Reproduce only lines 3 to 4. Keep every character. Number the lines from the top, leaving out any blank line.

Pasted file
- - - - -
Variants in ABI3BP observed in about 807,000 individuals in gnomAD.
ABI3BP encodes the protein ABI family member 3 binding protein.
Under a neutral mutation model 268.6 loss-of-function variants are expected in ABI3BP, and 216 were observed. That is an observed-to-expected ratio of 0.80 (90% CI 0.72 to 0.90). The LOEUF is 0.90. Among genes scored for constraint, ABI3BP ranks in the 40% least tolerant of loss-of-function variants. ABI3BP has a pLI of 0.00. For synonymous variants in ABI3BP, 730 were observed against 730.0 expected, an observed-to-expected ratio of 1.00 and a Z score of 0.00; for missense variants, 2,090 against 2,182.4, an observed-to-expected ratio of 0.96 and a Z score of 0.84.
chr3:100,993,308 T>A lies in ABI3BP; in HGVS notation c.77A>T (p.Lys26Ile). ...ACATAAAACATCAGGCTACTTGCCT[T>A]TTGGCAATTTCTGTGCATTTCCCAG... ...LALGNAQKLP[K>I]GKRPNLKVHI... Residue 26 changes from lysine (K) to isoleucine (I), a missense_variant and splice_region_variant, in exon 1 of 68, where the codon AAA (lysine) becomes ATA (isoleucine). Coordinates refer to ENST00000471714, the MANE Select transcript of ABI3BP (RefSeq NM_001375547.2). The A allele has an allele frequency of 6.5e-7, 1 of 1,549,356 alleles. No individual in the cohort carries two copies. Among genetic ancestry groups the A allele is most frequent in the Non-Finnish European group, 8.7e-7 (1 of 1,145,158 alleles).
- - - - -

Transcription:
Under a neutral mutation model 268.6 loss-of-function variants are expected in ABI3BP, and 216 were observed. That is an observed-to-expected ratio of 0.80 (90% CI 0.72 to 0.90). The LOEUF is 0.90. Among genes scored for constraint, ABI3BP ranks in the 40% least tolerant of loss-of-function variants. ABI3BP has a pLI of 0.00. For synonymous variants in ABI3BP, 730 were observed against 730.0 expected, an observed-to-expected ratio of 1.00 and a Z score of 0.00; for missense variants, 2,090 against 2,182.4, an observed-to-expected ratio of 0.96 and a Z score of 0.84.
chr3:100,993,308 T>A lies in ABI3BP; in HGVS notation c.77A>T (p.Lys26Ile). ...ACATAAAACATCAGGCTACTTGCCT[T>A]TTGGCAATTTCTGTGCATTTCCCAG... ...LALGNAQKLP[K>I]GKRPNLKVHI... Residue 26 changes from lysine (K) to isoleucine (I), a missense_variant and splice_region_variant, in exon 1 of 68, where the codon AAA (lysine) becomes ATA (isoleucine). Coordinates refer to ENST00000471714, the MANE Select transcript of ABI3BP (RefSeq NM_001375547.2). The A allele has an allele frequency of 6.5e-7, 1 of 1,549,356 alleles. No individual in the cohort carries two copies. Among genetic ancestry groups the A allele is most frequent in the Non-Finnish European group, 8.7e-7 (1 of 1,145,158 alleles).